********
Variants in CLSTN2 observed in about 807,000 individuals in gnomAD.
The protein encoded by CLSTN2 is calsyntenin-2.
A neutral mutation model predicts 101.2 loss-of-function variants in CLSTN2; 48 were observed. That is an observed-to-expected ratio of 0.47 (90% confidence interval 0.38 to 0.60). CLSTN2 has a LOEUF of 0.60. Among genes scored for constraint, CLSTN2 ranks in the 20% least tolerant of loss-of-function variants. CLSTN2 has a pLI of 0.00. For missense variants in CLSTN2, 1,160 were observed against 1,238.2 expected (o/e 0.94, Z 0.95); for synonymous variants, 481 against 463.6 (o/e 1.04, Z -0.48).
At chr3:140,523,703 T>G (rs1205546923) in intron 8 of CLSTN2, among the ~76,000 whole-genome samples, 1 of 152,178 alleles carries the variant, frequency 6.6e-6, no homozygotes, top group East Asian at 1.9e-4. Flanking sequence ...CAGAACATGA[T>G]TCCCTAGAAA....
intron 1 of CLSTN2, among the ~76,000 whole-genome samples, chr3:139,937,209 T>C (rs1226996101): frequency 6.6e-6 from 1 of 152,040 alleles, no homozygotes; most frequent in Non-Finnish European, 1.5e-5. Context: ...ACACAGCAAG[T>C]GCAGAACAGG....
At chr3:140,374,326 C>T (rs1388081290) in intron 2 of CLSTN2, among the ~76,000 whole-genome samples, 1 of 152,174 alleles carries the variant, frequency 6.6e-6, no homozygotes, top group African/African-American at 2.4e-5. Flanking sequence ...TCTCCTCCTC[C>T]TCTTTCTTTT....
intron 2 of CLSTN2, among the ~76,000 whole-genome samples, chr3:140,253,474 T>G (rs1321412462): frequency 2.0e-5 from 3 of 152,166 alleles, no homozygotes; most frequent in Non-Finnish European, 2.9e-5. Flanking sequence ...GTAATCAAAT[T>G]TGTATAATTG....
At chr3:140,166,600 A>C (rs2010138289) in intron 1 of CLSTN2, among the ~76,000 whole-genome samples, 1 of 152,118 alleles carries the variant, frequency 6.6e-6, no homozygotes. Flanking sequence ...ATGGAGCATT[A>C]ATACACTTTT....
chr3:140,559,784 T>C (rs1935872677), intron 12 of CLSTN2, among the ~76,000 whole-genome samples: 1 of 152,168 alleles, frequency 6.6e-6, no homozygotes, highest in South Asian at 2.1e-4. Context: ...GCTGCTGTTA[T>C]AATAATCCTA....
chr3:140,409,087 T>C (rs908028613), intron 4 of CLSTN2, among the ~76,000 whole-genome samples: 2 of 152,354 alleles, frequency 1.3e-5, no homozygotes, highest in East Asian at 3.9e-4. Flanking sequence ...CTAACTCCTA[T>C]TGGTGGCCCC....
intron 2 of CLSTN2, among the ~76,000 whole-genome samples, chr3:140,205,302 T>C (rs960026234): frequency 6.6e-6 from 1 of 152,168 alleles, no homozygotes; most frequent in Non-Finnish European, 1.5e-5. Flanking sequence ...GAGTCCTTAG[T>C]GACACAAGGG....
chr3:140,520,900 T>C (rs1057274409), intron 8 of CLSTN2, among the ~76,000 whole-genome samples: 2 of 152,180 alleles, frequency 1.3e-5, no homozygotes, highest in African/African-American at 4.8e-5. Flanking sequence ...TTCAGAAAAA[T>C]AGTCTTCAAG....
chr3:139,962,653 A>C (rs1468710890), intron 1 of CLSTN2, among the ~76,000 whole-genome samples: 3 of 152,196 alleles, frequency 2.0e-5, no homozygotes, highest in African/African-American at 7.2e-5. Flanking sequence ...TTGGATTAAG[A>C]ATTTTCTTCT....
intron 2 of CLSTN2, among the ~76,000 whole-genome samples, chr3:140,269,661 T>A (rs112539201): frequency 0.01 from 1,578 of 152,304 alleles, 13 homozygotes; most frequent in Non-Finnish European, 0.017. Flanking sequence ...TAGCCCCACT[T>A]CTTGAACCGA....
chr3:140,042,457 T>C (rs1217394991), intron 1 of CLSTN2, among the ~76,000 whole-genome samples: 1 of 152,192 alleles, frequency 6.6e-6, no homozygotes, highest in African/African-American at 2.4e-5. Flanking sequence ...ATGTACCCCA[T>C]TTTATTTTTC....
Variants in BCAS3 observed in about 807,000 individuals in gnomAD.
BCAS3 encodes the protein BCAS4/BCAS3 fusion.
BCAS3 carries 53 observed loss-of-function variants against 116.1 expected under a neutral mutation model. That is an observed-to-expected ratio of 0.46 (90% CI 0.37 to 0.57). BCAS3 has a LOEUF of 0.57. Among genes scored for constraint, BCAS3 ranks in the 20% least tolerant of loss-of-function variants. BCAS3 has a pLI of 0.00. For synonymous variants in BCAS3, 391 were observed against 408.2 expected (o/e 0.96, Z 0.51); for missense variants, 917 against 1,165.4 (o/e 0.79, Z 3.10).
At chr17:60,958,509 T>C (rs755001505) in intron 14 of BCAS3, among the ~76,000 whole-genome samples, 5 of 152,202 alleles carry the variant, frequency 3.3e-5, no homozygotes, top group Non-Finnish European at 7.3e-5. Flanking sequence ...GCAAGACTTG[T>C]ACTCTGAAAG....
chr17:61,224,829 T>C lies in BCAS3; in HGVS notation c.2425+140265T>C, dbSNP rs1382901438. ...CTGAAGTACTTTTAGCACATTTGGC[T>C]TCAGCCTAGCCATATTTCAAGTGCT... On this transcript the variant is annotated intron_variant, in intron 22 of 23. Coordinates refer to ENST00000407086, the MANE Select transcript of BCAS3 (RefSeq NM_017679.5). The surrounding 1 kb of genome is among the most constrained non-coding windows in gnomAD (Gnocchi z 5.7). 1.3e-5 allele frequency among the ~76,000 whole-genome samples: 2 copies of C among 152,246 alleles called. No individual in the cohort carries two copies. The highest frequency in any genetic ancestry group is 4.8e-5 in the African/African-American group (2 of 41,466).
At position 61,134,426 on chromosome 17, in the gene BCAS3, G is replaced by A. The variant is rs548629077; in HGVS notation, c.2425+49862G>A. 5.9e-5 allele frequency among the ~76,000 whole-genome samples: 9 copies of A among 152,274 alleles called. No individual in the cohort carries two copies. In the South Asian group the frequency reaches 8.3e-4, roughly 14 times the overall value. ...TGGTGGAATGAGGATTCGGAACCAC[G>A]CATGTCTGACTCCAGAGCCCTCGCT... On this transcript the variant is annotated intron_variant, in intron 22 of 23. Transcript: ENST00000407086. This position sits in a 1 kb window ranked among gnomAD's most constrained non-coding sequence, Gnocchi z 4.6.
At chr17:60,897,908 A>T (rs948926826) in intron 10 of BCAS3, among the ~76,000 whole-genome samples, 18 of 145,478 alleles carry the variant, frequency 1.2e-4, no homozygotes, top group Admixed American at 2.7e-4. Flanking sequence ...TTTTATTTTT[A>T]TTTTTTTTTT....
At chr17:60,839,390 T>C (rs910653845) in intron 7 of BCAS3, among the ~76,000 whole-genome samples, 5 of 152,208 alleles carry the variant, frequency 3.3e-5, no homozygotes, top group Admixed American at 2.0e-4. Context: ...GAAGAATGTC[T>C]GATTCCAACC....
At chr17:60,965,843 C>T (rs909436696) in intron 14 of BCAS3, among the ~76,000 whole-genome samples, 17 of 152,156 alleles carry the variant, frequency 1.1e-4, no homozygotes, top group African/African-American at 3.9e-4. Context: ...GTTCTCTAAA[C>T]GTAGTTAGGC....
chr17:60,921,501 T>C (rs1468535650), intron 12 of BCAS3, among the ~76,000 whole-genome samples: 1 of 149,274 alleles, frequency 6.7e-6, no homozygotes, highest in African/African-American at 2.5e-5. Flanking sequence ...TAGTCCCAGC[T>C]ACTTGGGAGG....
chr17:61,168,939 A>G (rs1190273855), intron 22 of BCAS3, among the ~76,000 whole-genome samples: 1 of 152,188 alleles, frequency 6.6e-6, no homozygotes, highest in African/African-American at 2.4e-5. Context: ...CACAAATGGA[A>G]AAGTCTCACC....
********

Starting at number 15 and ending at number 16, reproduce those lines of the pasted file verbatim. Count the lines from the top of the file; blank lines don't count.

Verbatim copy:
chr3:140,042,457 T>C (rs1217394991), intron 1 of CLSTN2, among the ~76,000 whole-genome samples: 1 of 152,192 alleles, frequency 6.6e-6, no homozygotes, highest in African/African-American at 2.4e-5. Flanking sequence ...ATGTACCCCA[T>C]TTTATTTTTC....
Variants in BCAS3 observed in about 807,000 individuals in gnomAD.